One of the trickiest challenges I have is defining what kind of services firm Adaptive Path is. For the sake of this post, let’s say AP is a firm that designs for interactive media — websites, software, mobile phones, devices, and kiosks.
Design for interactive media is a hot space right now, because of all the money flooding in online advertising. For example, Schematic was acquired last September by WPP, a massive holding company of communications services firms. Unsubstantiated word is that Schematic went for 6 times earnings, which is astounding, considering services firms typically get at best 3x. (12 years ago, I worked with Schematic CEO Trevor Kaufman when he lead up the website at Voyager. What a long strange trip!)
The thing is, AP is not an interactive design firm like Schematic, Organic, Razorfish, Digitas, etc. For one thing, we’re much smaller (though we feel big to ourselves, at 32 employees, we’re about a fifth to a tenth of the size of these others firms). But, and this is the crux of this post, we pretty much don’t touch marketing, and never advertising.
(In 2005, we decided to never do “just marketing” work again. This is because, although lucrative, as attested to by the growth of these other agencies, we realized that the people we brought on pretty much loathed marketing communications. We don’t want to work on the stuff that talks about the thing — we want to work on the thing itself.)
See, all these other companies are essentially interactive agencies, with a heavy emphasis on advertising and media planning. And currently, because of the movement of advertising dollars online, these companies are doing remarkably well.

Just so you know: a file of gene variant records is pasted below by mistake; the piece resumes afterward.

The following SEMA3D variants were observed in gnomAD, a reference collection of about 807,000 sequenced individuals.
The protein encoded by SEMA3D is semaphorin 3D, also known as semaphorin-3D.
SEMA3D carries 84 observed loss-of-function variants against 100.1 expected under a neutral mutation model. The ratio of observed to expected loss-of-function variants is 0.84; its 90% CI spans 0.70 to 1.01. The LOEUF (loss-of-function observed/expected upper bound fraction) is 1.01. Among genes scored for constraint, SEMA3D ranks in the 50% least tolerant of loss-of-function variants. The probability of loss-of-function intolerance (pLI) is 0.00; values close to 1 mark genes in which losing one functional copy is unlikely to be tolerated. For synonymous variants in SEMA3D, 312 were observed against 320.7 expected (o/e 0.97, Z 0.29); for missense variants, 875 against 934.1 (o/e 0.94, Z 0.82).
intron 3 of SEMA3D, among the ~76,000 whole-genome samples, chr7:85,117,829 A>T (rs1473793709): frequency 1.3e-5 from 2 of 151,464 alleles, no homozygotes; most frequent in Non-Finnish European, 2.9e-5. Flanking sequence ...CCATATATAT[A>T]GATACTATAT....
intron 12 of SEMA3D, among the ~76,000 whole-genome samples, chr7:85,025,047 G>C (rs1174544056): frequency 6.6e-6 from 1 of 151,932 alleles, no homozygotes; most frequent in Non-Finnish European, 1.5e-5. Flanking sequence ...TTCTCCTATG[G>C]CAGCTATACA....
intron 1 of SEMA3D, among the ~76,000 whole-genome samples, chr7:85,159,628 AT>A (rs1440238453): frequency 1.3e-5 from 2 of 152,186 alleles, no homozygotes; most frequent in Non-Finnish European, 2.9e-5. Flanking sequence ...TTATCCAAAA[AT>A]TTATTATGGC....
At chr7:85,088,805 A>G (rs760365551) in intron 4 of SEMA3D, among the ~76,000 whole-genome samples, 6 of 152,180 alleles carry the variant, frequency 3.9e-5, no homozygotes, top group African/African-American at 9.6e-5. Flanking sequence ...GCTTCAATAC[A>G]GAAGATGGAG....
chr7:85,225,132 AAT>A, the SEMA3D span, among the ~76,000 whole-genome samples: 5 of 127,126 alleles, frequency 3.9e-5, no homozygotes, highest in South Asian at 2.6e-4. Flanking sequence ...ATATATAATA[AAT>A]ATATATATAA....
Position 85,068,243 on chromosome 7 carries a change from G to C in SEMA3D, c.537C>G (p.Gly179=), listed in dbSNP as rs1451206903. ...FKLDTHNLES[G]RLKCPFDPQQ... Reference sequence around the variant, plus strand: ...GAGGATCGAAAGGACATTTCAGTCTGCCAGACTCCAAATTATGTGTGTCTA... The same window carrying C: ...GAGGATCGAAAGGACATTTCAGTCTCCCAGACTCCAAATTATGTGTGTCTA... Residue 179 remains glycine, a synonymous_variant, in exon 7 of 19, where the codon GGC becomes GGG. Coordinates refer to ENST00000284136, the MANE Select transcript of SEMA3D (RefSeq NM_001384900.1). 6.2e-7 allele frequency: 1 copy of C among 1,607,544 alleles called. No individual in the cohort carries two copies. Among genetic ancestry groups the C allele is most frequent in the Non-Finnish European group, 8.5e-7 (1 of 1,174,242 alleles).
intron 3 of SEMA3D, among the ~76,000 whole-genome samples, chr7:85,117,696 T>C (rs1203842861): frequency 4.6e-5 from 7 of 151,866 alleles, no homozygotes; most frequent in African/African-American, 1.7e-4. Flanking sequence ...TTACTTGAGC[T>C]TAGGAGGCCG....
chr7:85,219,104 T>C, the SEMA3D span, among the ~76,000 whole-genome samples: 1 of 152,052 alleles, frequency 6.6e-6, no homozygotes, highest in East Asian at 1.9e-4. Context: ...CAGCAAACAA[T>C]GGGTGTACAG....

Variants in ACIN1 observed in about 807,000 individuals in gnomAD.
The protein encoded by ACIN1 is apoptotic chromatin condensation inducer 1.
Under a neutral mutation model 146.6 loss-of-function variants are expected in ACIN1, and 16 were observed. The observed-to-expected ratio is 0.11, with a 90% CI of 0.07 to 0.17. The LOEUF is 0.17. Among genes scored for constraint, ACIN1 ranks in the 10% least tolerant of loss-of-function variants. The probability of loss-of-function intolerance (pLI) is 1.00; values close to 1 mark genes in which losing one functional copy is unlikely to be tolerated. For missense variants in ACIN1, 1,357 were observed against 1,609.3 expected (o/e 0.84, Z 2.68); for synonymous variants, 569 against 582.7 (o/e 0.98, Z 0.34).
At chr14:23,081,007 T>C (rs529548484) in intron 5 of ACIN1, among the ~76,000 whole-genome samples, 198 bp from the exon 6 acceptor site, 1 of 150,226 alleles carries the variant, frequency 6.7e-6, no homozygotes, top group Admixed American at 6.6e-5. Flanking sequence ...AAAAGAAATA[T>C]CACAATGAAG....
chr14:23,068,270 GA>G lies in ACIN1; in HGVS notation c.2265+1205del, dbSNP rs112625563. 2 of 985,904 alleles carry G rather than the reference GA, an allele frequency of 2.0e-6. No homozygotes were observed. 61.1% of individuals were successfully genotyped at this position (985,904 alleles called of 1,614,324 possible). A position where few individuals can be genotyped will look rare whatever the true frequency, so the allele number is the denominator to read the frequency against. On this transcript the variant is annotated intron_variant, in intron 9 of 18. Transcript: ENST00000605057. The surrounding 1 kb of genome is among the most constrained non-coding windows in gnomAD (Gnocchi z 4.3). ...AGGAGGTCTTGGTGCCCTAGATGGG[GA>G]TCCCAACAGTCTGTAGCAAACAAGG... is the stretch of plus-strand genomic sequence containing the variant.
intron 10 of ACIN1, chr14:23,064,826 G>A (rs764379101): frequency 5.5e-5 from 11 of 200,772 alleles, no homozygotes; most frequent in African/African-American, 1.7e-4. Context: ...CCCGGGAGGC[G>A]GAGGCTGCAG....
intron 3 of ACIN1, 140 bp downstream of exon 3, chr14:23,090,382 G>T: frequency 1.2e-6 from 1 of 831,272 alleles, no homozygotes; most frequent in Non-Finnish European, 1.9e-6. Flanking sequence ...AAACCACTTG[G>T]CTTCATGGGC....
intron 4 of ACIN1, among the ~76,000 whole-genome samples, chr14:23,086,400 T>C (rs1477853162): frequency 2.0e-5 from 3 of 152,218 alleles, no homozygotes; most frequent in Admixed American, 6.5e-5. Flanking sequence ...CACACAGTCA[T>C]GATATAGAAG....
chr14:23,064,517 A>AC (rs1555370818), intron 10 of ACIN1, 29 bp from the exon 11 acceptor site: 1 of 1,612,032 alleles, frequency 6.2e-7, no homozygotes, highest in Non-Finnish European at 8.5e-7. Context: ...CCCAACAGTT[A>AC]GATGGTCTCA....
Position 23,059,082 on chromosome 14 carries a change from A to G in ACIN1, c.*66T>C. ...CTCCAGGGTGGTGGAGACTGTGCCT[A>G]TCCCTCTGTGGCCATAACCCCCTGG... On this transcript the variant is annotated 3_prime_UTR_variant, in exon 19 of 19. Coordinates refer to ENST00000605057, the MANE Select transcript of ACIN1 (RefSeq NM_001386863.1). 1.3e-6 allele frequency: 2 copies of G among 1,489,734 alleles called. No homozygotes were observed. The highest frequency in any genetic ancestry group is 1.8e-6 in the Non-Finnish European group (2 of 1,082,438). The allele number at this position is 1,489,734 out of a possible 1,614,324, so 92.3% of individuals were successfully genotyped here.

Adaptive Path is more like an interaction design analog of an IDEO or Frog — where they began with industrial design, we began with interaction design, and we’ve all evolved into product strategy and design firms. In 2007, we found ourselves going up against IDEO and Frog far more than interactive agencies.
Now, back to the title of this post. I suspect that “the market” finds it a lot easier to find value in interactive marketing agencies more than in interactive product consultancies. And what I’m trying to figure out is why this is the case. Products (and I’m using that term generically, to include services and all manner of offerings) are what provides value. They are what get people to spend money, to engage in a service. They *create* value. But it’s marketing design, particularly advertising, which is what has been lucrative — think of the big ad firms going back 40, 50, 60 years. There are no big product design firms more than 30 years old, and there still isn’t anywhere near the kind of money in product design as in marketing.
(As I write this, I realize that the rise of the product design firm over the last 30 years, and the two companies I most associate with that rise (IDEO and Frog) are pretty much the result of the increasing complexity of product design thanks to computerization.)
I don’t have a close to this thought. I’ve just been mulling over why product design firms, which create value, don’t seem to be perceived as valuable as marketing design firms.